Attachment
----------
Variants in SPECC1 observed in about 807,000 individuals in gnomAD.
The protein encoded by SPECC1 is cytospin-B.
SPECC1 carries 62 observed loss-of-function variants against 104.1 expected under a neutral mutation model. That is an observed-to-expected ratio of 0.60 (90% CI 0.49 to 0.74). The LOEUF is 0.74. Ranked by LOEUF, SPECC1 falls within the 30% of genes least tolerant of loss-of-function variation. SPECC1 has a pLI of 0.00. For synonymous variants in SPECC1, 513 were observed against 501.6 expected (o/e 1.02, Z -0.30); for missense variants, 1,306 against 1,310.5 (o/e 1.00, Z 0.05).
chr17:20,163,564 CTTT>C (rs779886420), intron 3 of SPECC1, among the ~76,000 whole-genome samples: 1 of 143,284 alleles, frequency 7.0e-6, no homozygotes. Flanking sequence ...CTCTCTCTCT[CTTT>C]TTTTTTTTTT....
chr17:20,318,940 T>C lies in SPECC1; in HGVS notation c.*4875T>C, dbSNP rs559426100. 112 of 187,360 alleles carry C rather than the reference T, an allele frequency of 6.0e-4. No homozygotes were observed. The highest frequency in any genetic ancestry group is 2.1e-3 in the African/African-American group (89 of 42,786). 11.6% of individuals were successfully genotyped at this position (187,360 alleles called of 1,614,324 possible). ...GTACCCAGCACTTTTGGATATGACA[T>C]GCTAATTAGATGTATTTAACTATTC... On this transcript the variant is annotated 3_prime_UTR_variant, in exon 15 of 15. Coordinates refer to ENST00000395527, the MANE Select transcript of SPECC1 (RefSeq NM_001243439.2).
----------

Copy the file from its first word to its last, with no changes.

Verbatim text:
Variants in SPECC1 observed in about 807,000 individuals in gnomAD.
The protein encoded by SPECC1 is cytospin-B.
SPECC1 carries 62 observed loss-of-function variants against 104.1 expected under a neutral mutation model. That is an observed-to-expected ratio of 0.60 (90% CI 0.49 to 0.74). The LOEUF is 0.74. Ranked by LOEUF, SPECC1 falls within the 30% of genes least tolerant of loss-of-function variation. SPECC1 has a pLI of 0.00. For synonymous variants in SPECC1, 513 were observed against 501.6 expected (o/e 1.02, Z -0.30); for missense variants, 1,306 against 1,310.5 (o/e 1.00, Z 0.05).
chr17:20,163,564 CTTT>C (rs779886420), intron 3 of SPECC1, among the ~76,000 whole-genome samples: 1 of 143,284 alleles, frequency 7.0e-6, no homozygotes. Flanking sequence ...CTCTCTCTCT[CTTT>C]TTTTTTTTTT....
chr17:20,318,940 T>C lies in SPECC1; in HGVS notation c.*4875T>C, dbSNP rs559426100. 112 of 187,360 alleles carry C rather than the reference T, an allele frequency of 6.0e-4. No homozygotes were observed. The highest frequency in any genetic ancestry group is 2.1e-3 in the African/African-American group (89 of 42,786). 11.6% of individuals were successfully genotyped at this position (187,360 alleles called of 1,614,324 possible). ...GTACCCAGCACTTTTGGATATGACA[T>C]GCTAATTAGATGTATTTAACTATTC... On this transcript the variant is annotated 3_prime_UTR_variant, in exon 15 of 15. Coordinates refer to ENST00000395527, the MANE Select transcript of SPECC1 (RefSeq NM_001243439.2).